WHITE PLAINS, N.Y., SEPT. 8, 2005 -- Nearly a half million Americanbabies were born prematurely in a single year, according to agovernment report issued today, putting them at increased risk fordeath and disability.
Some 12.3 percent of all babies -- 499,008 infants -- were bornprematurely (less than 37 weeks gestation) in 2003, according to thereport released by the National Center for Health Statistics (NCHS).That's up from 12.1 percent (or about 480,000 babies) in 2002 -- and anincrease of more than 30 percent since the government began trackingpremature births in 1981. The prematurity rate was 9.4 in 1981; it hasincreased every year since then except for slight dips in 1992 and2000.
"Prematurity is the number one killer of newborns. We seefrom these latest statistics that the prematurity crisis in thiscountry continues to intensify, and the aftermath of Hurricane Katrinawill only make it worse, " said Dr. Jennifer L. Howse, president of theMarch of Dimes. "Babies are dying and those who survive are too oftenleft with devastating consequences -- such as cerebral palsy, mentalretardation, learning problems and blindness."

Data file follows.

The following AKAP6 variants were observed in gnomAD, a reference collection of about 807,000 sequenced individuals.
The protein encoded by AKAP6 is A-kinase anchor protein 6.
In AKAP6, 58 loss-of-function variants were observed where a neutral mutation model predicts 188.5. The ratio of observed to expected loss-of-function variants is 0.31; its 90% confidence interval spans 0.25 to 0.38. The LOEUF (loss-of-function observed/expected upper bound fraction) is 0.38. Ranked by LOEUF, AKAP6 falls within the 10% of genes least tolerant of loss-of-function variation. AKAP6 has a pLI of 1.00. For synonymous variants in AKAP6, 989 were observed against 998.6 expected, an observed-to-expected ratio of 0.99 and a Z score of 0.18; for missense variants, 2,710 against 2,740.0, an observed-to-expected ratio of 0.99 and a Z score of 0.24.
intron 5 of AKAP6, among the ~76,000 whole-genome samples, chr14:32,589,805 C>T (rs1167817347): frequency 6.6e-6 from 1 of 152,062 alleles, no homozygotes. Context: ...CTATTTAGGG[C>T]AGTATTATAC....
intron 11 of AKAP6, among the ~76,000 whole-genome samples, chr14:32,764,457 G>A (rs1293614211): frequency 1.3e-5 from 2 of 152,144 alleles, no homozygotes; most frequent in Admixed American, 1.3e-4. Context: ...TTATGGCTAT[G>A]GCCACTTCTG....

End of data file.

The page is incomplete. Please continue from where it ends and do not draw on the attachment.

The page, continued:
The March of Dimes began its multi-year campaign to address thegrowing rate of premature birth in 2003. The campaign educates women onthe signs and symptoms of premature birth, and supports more researchinto the causes of premature labor. One of the goals of the campaign isto help the nation reach the goal set by the U.S. Public Health Serviceof reducing the rate of premature birth to 7.6 percent by 2010.
The NCHS report, entitled "Births Final Data for 2003" appeared in the National Vital Statistics Report, volume 54, number 2.
The March of Dimes is a national voluntary health agency whosemission is to improve the health of babies by preventing birth defects,premature birth and infant mortality. Founded in 1938, the March ofDimes funds programs of research, community services, education, andadvocacy to save babies. For more information, visit the March of DimesWeb site at marchofdimes.com or its Spanish language Web site at nacersano.org.
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